A class action lawsuit against Apple over the App Store may earn a go-ahead from the Supreme Court
The court is currently reviewing a case concerning whether Apple is operating an illegal monopoly with its App Store, reports NBC News. The consumers' argument is essentially that Apple drives the price of apps on the store higher when it charges developers a 30 percent commission fee, since that fee ultimately results in higher prices. The plaintiffs argue Apple is in violation of antitrust laws, while Apple argues there is no legitimate claim because the company does not have a role in determining the price of apps in the App Store, The Washington Post reports. Apple has also argued that only app developers themselves would have standing to sue, per CNBC.
Oral arguments in the case began Monday, and The Associated Press reports that the court appears to be leaning toward allowing the suit to move ahead. USA Today reports that the court's four liberal-leaning judges were "skeptical of Apple's monopoly," and their skepticism was at times echoed by Associate Justices Samuel Alito, Neil Gorsuch and Brett Kavanaugh. The court is not ruling on the actual case, but rather whether consumers have standing to sue Apple.
If the suit does move forward, and Apple doesn't win, CNBC reports the tech giant could be required to pay iPhone users hundreds of millions of dollars. Brendan Morrow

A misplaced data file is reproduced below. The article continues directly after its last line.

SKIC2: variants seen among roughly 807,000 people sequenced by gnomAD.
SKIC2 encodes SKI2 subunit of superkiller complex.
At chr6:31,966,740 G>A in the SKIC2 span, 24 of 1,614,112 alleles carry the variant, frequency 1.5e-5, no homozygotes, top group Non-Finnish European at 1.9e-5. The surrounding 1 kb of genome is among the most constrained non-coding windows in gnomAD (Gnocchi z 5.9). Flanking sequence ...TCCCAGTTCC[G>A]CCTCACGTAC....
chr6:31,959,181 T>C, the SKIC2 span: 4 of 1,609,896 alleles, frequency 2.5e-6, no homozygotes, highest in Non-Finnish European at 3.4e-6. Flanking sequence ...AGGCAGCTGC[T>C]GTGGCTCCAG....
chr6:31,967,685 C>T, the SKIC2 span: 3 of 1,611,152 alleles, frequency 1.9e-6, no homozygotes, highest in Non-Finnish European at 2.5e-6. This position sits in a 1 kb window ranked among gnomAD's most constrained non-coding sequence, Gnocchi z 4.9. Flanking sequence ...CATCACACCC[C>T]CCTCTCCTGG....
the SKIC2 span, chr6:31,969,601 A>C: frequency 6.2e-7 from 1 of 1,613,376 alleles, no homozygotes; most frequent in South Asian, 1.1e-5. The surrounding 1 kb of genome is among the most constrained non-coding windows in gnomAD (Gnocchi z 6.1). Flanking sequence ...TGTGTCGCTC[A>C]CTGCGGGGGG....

After the White House suspended CNN reporter Jim Acosta's press credentials last week, the news network filed a lawsuit Tuesday, arguing that Acosta's First and Fifth Amendment rights are being violated, CNN reports.
There are six defendants in the lawsuit, filed in U.S. District Court in Washington, D.C.: President Trump, White House Chief of Staff John Kelly, Press Secretary Sarah Huckabee Sanders, Deputy Chief of Staff for Communications Bill Shine, Secret Service Director Joseph Clancy, and an unnamed Secret Service officer who took away Acosta's pass.
Acosta's access was suspended after he would not give over the microphone to a White House intern while attempting to ask Trump a follow-up question at a press conference. The White House subsequently claimed that Acosta was being suspended because he "[placed] his hands on a young woman," releasing a deceptively sped-up video as proof. Counselor Kellyanne Conway defended this decision Sunday. "You have to show respect to the White House, to the presidency certainly, to the president," she said.
The network is seeking a preliminary injunction so that Acosta's pass can be returned, as well as a ruling that Trump can not take such actions in the future. "If left unchallenged, the actions of the White House would create a dangerous chilling effect for any journalist who covers our elected officials," CNN said. Brendan Morrow